What is a Factoring Company? (How to Select One as a Carrier)

Visual-explaining-factoring-process

There are a lot of moving pieces in your line of work. As a trucking company, your job is to keep America running by hauling all kinds of freight, come sunshine or harsh weather. 

Doing so, however, is sometimes easier said than done. Particularly when market conditions — like those we’ve experienced lately — make it harder to turn a profit. Let’s be honest: Whether you’re an owner-operator or someone who oversees hundreds of trucks, your fixed expenses have been rising. 

As fuel prices, maintenance costs (labor/parts) and insurance premiums (to name a few) remain high — seemingly without reprieve — you need a reliable stream of income to combat them. 

However, as you probably know, sometimes it can take a while to get paid following a delivery. 

This is especially true when hauling freight from a load board

To promote consistent cash flow and quick payment for each delivery, many freight carriers (like you) work closely with a factoring company. Should you join them? 

Here at Anderson Trucking Service (ATS), our freight brokerage company, ATS Logistics Services, Inc., works with thousands of trucking companies around the U.S. and Canada. Many of these businesses (more than 75 percent, in fact) use factoring companies to receive payment from us. We understand what working with a factoring company is like as well as the pros and cons of doing so as a freight carrier. 

In this article, you’ll learn everything you need to know about working with a factoring company, including how to choose one (if you decide this is the right path for your business, that is). 

What is a Factoring Company?

A factoring company is a business that purchases another company’s unpaid invoices. Factoring companies receive a fee for these purchases and are subsequently charged with pursuing/collecting the outstanding receivables from the party responsible for paying them.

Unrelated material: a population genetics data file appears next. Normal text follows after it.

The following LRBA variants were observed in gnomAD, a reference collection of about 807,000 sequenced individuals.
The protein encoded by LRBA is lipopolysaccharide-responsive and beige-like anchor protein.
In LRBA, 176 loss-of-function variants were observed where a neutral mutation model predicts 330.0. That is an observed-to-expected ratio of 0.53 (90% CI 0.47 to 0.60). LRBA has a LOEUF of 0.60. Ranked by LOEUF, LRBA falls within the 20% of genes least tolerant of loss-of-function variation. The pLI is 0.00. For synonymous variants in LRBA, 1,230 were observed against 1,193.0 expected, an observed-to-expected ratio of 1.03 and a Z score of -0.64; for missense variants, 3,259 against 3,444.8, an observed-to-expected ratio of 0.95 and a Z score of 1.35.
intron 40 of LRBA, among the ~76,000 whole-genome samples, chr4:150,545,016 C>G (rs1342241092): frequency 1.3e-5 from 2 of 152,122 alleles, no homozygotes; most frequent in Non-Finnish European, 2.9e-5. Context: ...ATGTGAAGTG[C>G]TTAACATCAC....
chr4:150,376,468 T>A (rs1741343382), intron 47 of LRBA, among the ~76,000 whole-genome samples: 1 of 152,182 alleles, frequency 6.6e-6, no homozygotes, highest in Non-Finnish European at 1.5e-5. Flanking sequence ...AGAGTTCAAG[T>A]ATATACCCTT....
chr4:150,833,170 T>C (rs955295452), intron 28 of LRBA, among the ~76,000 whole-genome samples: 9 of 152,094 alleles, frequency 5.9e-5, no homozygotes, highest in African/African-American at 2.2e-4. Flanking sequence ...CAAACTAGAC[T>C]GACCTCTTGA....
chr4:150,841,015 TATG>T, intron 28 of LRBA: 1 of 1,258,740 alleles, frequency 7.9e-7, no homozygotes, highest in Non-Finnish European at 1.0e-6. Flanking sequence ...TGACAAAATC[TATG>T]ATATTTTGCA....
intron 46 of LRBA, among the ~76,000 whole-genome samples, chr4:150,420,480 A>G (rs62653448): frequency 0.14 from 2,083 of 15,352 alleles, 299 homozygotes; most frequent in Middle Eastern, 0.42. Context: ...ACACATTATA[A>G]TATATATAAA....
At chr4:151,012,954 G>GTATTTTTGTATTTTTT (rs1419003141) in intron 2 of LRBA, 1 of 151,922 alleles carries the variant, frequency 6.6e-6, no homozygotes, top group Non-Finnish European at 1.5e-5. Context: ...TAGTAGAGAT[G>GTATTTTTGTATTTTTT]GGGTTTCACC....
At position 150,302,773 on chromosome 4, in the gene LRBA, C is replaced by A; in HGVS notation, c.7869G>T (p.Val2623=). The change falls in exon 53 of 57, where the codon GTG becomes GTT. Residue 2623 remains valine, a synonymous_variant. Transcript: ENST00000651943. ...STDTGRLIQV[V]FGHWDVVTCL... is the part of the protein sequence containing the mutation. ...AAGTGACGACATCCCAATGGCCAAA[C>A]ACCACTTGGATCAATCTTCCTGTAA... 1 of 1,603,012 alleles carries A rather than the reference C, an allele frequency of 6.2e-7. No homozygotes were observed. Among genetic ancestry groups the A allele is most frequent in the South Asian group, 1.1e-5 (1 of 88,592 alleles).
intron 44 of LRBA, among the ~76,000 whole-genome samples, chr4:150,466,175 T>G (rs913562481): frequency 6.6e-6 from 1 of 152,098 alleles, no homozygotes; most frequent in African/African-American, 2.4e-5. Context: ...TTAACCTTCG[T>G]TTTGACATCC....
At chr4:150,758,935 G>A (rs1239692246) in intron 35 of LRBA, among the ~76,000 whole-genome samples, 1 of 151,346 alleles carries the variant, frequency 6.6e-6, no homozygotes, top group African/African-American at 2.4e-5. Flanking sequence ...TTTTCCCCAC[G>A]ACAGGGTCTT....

These companies have a lot of cash on hand, allowing them to pay invoices immediately. 

This can be particularly attractive to businesses with customers that take 30 or more days to provide payment. Apart from transportation organizations, construction companies, staffing agencies, security businesses and consultant firms commonly use factoring to achieve steady cash flow. 

Related Article: Top 15 Factoring Companies to Consider For Your Trucking Business This Year

Why Do Trucking Companies Use Factoring?

Trucking companies of all sizes may experience cash flow problems at one point or another. 

Factoring companies solve this issue. 

As service providers in this fast-paced industry, carriers (like you) are constantly paying for things. Factoring companies help shorten the time between when a trucking company delivers a shipment and when it’s paid. In turn, this gives a carrier more liquidity to use for expenses, investments and other commitments. 

The Advantages of Using a Factoring Company

As you consider whether to begin working with a factoring company, there are several things you should consider. First, you’ll want to understand the true benefits of using factoring to receive payment. Here are two of the largest ones: 

  1. Receive payment for delivered loads faster (way faster)
  2. Avoid the headaches of retrieving payments

1. Receive Payment For Delivered Loads Faster (Way Faster)

In the transportation world, it’s not uncommon for an invoice to remain outstanding for 30, 60 or even 90 days at a time. This can be very disruptive for most trucking companies, which often operate on a tighter timeline than this allows. 

When they use a factoring company, carriers can receive payment as soon as they’re finished with each shipment. In the long run, a factoring company can become a seamless extension of the carrier using it; providing a reliable stream of income at a regular cadence.

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2. Avoid the Headaches of Retrieving Payments

As a trucking company, you may have hundreds of customers in a year. Many of these businesses will handle their invoices uniquely. This makes it difficult to keep everything straight; when you’re getting paid from who, what information/documentation you need to provide, who you need to talk to, etc. 

When you work with a factoring company, all of these details are handled for you. After you’ve signed on with one, all you need to do is hand them your invoice and they’ll send you payment. From there, it’s their job to chase down payment from your customer, leaving you with money in the bank and without the headache this can become. 

Additionally, when you work with larger shippers/freight brokers, it’s likely that your factoring agency has an existing relationship with them which can make the entire process smoother.

The Disadvantages of Using a Factoring Company

  1. Factoring company fees
  2. Terms and conditions can be confusing

1) Factoring Company Fees

While factoring companies expedite the payment process, they charge a fee for doing so. This fee is based on a percentage of your income, leaving you with less money than you would’ve otherwise made for each shipment.